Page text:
Add to this the correct language, presentation style, animations and relevant message and you’ve got the makings of a first class presentation that engages the audience and closes deals.

The Delivery

I wrote a blog 6 months ago now, called “Love What You Do and Do What You Love.”

In this article I speak of asking the right questions and seeking the right answers.  Presenting to an audience on a product or service that you either have faith in or believe in, will speak volumes in a very short space of time, in as little as 30 – 40 seconds in fact.  Your opening statement in an online meeting has to show confidence, belief and credibility.  If it doesn’t you will for the remainder of that meeting or presentation be on the back foot and fighting a losing battle.

So if you are delivering a presentation using an online tool, go in with a script.  I write scripts for many of MeetingZones customers and each contains a certain level of consistency.  However, delivering it in this scripted style, every time not only grabs the audiences’ attention, but it tells the audience that what they are about to hear has been thought through, considered and planned meticulously.

Planning, preparation, as well as rehearsal, mean everything.  You have to know what is coming next in your presentation upon every single click and yes, on occasion people lose their way.  So, here are some useful tips to help you:

1. If for any reason you plan on using multimedia, make sure that it is rewound and cued up ready to go.  If the file is large it is probably best to run it from a DVD rather than to wait for the data to buffer. If this is a face to face presentation.  If you are streaming the content across the web this requires a little more thought and consideration.

2. When working with figures don’t use specifics 76.4% is roughly ¾ so use this instead.

3. If you forget what you are going to say, as this does happen more frequently than you think, simply advance to the next slide.  Nobody need know and the flow will be sustained.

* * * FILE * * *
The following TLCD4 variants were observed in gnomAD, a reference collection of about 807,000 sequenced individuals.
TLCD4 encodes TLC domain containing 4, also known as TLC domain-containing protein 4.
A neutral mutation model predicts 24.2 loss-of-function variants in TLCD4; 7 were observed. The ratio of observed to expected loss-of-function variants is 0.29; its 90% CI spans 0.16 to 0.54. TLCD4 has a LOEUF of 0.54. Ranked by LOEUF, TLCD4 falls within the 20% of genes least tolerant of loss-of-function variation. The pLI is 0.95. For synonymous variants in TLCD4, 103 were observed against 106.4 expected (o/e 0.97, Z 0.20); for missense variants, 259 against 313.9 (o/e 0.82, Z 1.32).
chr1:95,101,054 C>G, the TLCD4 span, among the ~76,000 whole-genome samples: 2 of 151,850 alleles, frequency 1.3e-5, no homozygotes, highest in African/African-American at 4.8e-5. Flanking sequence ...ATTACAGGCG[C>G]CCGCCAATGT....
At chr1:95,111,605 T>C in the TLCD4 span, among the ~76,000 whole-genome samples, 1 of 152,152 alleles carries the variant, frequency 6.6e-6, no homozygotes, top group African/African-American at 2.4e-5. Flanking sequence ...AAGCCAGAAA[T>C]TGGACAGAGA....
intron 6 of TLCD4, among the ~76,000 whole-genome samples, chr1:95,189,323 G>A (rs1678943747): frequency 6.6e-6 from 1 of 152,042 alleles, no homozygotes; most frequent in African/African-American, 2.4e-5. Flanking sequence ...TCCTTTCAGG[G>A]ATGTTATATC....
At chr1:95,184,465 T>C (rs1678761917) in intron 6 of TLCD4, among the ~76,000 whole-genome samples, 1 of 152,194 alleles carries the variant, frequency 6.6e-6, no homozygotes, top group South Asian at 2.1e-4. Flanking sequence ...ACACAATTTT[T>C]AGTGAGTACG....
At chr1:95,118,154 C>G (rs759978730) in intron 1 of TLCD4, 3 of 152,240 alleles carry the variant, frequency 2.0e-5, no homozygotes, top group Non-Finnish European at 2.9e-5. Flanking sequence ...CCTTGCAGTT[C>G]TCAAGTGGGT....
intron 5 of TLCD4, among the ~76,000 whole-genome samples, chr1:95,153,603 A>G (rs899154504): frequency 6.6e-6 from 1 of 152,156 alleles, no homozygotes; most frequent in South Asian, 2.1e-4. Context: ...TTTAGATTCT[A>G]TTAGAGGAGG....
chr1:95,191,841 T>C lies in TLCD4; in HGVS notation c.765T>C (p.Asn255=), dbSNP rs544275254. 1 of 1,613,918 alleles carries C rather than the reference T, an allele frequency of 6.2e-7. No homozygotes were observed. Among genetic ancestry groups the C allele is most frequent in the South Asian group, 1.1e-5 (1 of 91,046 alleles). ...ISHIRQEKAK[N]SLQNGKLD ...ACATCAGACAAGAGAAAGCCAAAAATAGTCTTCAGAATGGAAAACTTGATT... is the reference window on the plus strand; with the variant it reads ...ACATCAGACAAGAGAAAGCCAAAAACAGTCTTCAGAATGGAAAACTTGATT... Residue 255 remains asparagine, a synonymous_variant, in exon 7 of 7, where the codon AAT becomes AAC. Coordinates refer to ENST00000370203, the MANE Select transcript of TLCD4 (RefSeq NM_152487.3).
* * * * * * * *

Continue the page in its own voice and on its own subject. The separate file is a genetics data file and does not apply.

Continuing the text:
4. If for any reason the slide that you put on screen makes perfect sense to the audience you will probably need to consider one of the following options post presentation:

– Build it slowly in a different way

– Change it / redesign it

– Delete it.

5. Rehearse your presentation to the point that you know what is going to happen and when upon every click of your mouse button or remote.

6. As and when necessary use the power of the ‘Pause’ to best effect.  When people feel an awkward silence they often feel compelled to fill it with nonsense.  Instead use it to your advantage.

7. Whatever happens do not apologise.  It undermines the work and effort that you have put into your presentation.

8. Never criticise your own presentation.  I recall attending a major law firm webinar recently where the guest presenter opened with, “Sorry about the quality of the slides I just threw something together over the weekend”.  I call this the ‘blame syndrome’ this is incredibly unprofessional and sets a very clear expectation to the audience that very little effort has been made.  It also gives the impression that you do not care about your audience or possibly your role in your company.

9. If talking about money or earnings off topic, changing the frame of reference can sometimes sound more appealing e.g.  Saying £2.4m per annum says £200k each and every month.